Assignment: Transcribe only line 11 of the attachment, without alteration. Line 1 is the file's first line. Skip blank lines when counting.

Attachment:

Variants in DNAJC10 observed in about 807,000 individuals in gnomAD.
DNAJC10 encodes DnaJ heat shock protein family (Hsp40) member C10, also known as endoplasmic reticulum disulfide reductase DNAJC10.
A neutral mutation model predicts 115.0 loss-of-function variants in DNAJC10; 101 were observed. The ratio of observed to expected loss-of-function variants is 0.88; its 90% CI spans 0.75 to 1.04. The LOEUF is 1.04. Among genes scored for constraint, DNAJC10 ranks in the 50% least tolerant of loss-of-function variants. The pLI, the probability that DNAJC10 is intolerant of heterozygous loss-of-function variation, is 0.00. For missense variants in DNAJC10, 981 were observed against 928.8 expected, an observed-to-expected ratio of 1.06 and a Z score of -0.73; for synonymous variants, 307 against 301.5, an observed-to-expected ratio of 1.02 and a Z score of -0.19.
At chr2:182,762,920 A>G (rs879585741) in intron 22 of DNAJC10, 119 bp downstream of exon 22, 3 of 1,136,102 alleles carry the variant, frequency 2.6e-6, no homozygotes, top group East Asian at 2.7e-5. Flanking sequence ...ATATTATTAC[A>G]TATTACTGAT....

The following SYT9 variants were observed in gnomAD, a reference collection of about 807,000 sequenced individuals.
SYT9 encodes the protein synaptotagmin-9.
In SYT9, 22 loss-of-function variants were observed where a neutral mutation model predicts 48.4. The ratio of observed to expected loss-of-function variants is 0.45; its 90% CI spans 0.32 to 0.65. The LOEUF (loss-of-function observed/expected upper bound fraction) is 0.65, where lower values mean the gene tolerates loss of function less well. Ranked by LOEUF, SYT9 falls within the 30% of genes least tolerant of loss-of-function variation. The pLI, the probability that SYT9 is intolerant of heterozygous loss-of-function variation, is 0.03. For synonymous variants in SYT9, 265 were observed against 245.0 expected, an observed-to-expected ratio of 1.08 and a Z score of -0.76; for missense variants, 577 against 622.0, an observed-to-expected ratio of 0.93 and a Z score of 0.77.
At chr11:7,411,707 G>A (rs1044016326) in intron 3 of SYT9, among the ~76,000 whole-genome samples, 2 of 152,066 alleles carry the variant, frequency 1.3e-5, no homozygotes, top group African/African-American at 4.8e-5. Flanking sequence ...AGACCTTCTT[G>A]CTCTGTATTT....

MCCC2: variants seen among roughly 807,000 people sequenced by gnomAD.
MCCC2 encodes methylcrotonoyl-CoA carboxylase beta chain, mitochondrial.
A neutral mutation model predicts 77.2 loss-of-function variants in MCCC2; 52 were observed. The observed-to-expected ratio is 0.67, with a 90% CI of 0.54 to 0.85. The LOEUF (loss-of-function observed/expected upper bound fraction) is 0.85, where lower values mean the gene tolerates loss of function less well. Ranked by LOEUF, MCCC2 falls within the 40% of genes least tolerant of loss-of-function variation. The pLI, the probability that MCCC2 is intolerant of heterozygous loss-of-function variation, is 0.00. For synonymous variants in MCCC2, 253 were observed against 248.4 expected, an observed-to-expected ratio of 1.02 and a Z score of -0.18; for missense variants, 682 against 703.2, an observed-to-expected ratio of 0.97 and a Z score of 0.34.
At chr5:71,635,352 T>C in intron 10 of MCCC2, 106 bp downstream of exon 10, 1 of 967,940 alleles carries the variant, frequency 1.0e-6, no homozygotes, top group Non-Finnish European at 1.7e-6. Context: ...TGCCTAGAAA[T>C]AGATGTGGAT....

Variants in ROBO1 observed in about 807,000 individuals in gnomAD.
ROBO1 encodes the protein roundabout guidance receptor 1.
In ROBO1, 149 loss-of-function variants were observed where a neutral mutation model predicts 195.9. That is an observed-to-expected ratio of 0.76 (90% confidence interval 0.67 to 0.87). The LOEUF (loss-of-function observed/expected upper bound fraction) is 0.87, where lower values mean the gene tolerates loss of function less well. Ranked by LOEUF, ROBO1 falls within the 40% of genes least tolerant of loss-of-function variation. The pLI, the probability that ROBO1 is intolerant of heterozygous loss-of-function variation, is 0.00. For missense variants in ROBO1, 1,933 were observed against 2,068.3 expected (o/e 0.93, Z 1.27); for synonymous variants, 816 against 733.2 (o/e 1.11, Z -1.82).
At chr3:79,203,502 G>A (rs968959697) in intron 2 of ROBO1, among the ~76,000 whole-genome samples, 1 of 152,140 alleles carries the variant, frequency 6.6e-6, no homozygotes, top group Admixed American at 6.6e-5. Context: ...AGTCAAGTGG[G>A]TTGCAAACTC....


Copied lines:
A neutral mutation model predicts 77.2 loss-of-function variants in MCCC2; 52 were observed. The observed-to-expected ratio is 0.67, with a 90% CI of 0.54 to 0.85. The LOEUF (loss-of-function observed/expected upper bound fraction) is 0.85, where lower values mean the gene tolerates loss of function less well. Ranked by LOEUF, MCCC2 falls within the 40% of genes least tolerant of loss-of-function variation. The pLI, the probability that MCCC2 is intolerant of heterozygous loss-of-function variation, is 0.00. For synonymous variants in MCCC2, 253 were observed against 248.4 expected, an observed-to-expected ratio of 1.02 and a Z score of -0.18; for missense variants, 682 against 703.2, an observed-to-expected ratio of 0.97 and a Z score of 0.34.